Can a government own a newspaper and not exert political influence?

We’re very familiar with civilian publishers and the political slant they force on their staffs. There are many foreign governments, especially in the East who totally control their papers, not ones they own, but all papers. When I was stationed in Korea 1970-71, President Park Chung Hee would not let any Korean papers print a story he didn’t like even if the news was about one of our Air Force jets that crashed in his country.

The Department of Defense has been tarnished during the Bush Administration for developing a propaganda machine made up of retired generals and just this week stories have emerged about how the Pentagon tracks and rates reporters and favors those who publish favorable stories. An April 28 AP story reported that, “The media-military relationship is often contentious enough that the Army’s war college devoted three days this week to consider and discuss ways to improve it even though no official military doctrine exists to foster good working relationships.”

With all the corruption going on in US government, would you be surprised to learn that our government has owned a paper off and on since 1861 that is flourishing today and never has political influence controlled the editorial content? And would it surprise you even more to learn that paper is owned by our Department of Defense?

In fact it was DoD’s Stars and Stripes newspaper that first reported the ratings story, not any civilian media. S & S was developed as an independent source of news for our military stationed overseas where news is not available due to combat or isolated conditions or the host countries papers are not printed in English. During the Civil War Union soldiers using a captured newspaper plant in Bloomfield, MO, created a paper called the Stars and Stripes and printed only four editions. During WWI, the S & S was revived in 1918 and was published weekly for the doughboys of Gen. “Black Jack” Pershing.

After the war ended it stopped publishing until 24 years later in 1942 it was revived in England during WWII. During that war, S & S ended up being published in 32 separate editions and at the peak there were 25 publishing locations. A Pacific edition was launched a week after VE day in Europe. S & S has remained vibrant until today.

The About Us section of the paper’s website tells the story of how Ike kept it free of government influence so the troops could learn the unvarnished truth.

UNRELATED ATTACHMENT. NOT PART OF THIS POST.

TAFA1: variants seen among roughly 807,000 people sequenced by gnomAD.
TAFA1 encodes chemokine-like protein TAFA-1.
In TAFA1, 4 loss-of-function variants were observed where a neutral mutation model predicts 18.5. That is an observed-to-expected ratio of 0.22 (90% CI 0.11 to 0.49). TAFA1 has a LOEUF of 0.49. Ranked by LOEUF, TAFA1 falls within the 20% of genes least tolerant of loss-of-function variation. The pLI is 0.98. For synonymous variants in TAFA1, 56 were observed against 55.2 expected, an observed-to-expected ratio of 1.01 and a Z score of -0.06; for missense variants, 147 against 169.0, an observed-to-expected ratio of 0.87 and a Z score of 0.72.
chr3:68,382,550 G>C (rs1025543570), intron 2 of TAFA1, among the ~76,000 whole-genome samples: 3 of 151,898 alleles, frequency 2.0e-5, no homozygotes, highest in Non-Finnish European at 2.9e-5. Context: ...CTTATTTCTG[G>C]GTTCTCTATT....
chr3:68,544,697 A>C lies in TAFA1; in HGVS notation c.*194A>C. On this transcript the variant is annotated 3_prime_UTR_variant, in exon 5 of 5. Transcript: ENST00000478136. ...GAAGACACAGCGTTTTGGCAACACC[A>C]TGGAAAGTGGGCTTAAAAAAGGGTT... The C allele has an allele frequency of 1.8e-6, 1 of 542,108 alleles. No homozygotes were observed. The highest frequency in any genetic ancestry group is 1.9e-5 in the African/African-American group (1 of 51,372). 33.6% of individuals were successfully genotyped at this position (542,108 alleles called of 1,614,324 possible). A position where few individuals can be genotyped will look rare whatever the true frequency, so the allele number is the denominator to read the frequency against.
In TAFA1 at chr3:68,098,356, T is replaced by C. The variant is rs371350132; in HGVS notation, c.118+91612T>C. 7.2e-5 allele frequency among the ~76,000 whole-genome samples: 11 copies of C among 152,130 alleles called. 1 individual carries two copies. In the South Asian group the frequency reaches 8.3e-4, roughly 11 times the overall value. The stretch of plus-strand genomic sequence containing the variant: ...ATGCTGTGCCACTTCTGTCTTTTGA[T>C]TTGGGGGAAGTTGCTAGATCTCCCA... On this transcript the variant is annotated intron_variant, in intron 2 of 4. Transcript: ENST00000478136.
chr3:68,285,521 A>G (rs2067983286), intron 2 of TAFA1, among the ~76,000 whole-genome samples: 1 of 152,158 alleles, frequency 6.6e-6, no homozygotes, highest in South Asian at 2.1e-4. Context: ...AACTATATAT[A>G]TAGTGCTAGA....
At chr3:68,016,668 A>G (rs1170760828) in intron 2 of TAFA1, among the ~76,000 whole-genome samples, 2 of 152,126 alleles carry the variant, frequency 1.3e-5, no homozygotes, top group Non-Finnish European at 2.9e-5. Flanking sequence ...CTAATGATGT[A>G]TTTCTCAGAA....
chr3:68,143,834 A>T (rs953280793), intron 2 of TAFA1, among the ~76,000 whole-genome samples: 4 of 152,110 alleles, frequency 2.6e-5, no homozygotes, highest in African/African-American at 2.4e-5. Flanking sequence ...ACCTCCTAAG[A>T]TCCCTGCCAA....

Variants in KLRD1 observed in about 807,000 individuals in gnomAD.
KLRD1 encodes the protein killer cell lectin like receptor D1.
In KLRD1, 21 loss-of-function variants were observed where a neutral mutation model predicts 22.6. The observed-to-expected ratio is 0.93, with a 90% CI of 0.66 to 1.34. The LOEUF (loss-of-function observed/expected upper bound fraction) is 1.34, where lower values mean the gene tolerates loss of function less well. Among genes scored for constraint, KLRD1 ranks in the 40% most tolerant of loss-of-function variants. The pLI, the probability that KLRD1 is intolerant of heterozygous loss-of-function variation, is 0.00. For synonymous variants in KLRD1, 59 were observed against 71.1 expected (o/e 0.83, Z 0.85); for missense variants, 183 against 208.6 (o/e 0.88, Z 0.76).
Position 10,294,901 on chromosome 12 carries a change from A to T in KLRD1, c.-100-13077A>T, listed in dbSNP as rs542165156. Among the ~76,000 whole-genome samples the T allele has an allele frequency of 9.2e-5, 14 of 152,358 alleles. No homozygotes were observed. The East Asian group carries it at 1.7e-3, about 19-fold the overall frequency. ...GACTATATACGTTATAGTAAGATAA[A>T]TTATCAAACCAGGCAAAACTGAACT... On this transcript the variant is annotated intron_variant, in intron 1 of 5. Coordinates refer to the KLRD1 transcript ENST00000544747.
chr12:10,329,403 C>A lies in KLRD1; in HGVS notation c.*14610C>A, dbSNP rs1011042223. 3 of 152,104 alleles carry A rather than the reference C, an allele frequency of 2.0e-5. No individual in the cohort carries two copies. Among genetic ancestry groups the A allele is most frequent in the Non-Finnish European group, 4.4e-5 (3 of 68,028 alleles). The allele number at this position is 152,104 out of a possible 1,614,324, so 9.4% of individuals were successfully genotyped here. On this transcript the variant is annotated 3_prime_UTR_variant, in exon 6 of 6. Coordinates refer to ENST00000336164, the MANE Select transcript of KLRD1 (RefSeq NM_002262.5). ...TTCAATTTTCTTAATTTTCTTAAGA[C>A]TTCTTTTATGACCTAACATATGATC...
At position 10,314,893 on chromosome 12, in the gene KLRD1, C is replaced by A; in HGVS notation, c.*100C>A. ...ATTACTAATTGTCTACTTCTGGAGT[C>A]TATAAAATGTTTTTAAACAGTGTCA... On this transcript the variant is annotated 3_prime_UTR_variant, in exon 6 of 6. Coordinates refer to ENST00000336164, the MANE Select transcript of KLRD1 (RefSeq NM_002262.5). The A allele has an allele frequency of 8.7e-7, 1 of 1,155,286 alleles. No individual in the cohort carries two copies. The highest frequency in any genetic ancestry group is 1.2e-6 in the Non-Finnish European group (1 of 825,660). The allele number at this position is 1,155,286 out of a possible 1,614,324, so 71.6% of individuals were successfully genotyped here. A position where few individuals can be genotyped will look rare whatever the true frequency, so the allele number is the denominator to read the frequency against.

Stars and Stripes also found a special champion and protector in Gen. Dwight D. Eisenhower, Supreme Allied Commander. Eisenhower enforced a hands-off policy in regard to Stars and Stripes, routinely defending us against whatever complaints and protest ensued from material we published. World War II ended, but the command wasn’t ready to dismantle Stars and Stripes. In the end, the military instructed us to continue publishing as long as U.S. troops remained abroad. Since 1942, Stars and Stripes remains in publication without interruption. As wartime military staff began returning to the States, the newspaper began replacing them with a full-time civilian staff. Gradually they built a top-of-the-line team of professional journalists and newspaper business people, augmented by a small contingent of military journalists and managers.

Stripes reporters and photographers continued to join American troops in the field. Throughout the Korean and Vietnam conflicts, Stars and Stripes published the news. It took not only courage but also perseverance to get the news to the readers, and our staff proved equal to the task over and over again.

During Operation Iraqi Freedom, Stripes reporters have embedded with military units in Kuwait and Iraq, as well as on Navy ships in the region. Staffers are still reporting from those countries, and today a separate Middle East operation prints more than 70,000 copies of the paper and distributes them daily throughout the war zones.

Stars and Stripes is a daily newspaper published for the U.S. military, DoD civilians, contractors, and their families. Unique among the many military publications, Stars and Stripes operates as a First Amendment newspaper, free of control and censorship. We have published continuously in Europe since 1942, and since 1945 in the Pacific. Today, our readers number well over 350,000. (providing newspapers in over 48 countries)